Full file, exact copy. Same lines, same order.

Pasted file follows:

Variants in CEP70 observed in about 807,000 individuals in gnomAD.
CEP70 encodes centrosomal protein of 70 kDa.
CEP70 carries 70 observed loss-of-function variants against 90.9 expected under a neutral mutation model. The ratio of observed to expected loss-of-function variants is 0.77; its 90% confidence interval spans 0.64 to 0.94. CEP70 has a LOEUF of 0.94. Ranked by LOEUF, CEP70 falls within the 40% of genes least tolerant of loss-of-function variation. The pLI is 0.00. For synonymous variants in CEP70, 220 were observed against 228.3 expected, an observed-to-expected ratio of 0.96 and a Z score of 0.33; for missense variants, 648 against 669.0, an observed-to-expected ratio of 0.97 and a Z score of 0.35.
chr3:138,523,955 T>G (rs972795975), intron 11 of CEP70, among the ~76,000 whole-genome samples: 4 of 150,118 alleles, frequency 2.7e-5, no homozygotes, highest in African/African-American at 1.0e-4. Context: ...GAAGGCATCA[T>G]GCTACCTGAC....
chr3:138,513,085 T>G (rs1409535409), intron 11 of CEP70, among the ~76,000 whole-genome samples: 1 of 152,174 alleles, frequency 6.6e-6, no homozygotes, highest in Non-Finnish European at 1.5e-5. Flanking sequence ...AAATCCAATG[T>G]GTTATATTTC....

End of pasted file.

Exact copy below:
Variants in CEP70 observed in about 807,000 individuals in gnomAD.
CEP70 encodes centrosomal protein of 70 kDa.
CEP70 carries 70 observed loss-of-function variants against 90.9 expected under a neutral mutation model. The ratio of observed to expected loss-of-function variants is 0.77; its 90% confidence interval spans 0.64 to 0.94. CEP70 has a LOEUF of 0.94. Ranked by LOEUF, CEP70 falls within the 40% of genes least tolerant of loss-of-function variation. The pLI is 0.00. For synonymous variants in CEP70, 220 were observed against 228.3 expected, an observed-to-expected ratio of 0.96 and a Z score of 0.33; for missense variants, 648 against 669.0, an observed-to-expected ratio of 0.97 and a Z score of 0.35.
chr3:138,523,955 T>G (rs972795975), intron 11 of CEP70, among the ~76,000 whole-genome samples: 4 of 150,118 alleles, frequency 2.7e-5, no homozygotes, highest in African/African-American at 1.0e-4. Context: ...GAAGGCATCA[T>G]GCTACCTGAC....
chr3:138,513,085 T>G (rs1409535409), intron 11 of CEP70, among the ~76,000 whole-genome samples: 1 of 152,174 alleles, frequency 6.6e-6, no homozygotes, highest in Non-Finnish European at 1.5e-5. Flanking sequence ...AAATCCAATG[T>G]GTTATATTTC....